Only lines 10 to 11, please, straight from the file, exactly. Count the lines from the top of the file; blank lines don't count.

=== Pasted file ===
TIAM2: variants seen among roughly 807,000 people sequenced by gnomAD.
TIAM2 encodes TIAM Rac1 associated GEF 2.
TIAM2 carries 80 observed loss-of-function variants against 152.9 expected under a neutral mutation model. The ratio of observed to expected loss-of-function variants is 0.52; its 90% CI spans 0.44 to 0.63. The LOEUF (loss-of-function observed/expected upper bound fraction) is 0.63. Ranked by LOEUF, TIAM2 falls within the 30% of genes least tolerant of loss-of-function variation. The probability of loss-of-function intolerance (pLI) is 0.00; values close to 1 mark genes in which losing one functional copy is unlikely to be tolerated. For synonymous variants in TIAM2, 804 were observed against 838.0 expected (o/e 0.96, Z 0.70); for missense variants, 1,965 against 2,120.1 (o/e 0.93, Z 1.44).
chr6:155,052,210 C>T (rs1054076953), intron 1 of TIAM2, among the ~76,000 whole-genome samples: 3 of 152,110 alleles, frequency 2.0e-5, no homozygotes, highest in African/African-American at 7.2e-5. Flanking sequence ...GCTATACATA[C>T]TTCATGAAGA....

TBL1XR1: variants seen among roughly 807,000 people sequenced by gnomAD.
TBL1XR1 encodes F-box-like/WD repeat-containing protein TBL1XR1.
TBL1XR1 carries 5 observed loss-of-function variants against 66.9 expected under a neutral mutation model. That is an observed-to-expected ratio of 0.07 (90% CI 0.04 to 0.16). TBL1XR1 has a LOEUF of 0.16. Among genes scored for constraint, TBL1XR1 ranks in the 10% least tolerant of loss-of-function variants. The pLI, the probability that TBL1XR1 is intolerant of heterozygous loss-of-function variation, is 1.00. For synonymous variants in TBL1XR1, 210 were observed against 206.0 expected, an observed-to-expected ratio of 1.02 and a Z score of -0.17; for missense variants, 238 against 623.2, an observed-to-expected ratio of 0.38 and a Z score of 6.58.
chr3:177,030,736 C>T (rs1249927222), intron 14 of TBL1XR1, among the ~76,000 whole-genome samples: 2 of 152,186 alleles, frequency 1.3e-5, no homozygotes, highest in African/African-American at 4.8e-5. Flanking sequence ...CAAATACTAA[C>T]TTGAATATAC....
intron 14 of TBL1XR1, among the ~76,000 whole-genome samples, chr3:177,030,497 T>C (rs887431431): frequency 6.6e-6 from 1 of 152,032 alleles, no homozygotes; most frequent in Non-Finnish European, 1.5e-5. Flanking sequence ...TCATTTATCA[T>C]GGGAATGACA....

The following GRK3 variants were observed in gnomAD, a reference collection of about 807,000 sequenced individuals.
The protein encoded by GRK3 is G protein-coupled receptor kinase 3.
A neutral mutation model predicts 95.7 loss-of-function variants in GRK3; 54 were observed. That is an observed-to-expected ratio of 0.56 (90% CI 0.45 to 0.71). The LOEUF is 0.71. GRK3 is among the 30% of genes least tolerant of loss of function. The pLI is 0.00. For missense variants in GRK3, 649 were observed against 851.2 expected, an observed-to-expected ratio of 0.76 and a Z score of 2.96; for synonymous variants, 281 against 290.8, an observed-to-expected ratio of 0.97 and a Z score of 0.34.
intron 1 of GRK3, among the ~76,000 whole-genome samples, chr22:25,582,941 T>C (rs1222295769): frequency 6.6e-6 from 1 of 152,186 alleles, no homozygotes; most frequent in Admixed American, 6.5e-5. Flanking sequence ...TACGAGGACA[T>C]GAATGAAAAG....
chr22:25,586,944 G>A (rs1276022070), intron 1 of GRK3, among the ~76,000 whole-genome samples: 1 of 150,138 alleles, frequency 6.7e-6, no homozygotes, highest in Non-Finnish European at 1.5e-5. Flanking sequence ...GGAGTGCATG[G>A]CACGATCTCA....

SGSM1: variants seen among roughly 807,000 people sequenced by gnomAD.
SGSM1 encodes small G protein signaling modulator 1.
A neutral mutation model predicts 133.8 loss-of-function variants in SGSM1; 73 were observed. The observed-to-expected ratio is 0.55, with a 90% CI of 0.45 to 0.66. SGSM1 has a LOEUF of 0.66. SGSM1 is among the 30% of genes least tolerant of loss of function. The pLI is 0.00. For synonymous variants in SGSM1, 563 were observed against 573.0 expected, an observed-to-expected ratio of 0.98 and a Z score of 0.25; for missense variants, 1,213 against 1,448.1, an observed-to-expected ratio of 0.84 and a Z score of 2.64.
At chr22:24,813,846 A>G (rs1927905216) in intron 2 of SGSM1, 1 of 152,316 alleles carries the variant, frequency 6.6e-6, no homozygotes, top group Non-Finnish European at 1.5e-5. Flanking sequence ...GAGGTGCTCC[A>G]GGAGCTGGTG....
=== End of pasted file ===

The following GRK3 variants were observed in gnomAD, a reference collection of about 807,000 sequenced individuals.
The protein encoded by GRK3 is G protein-coupled receptor kinase 3.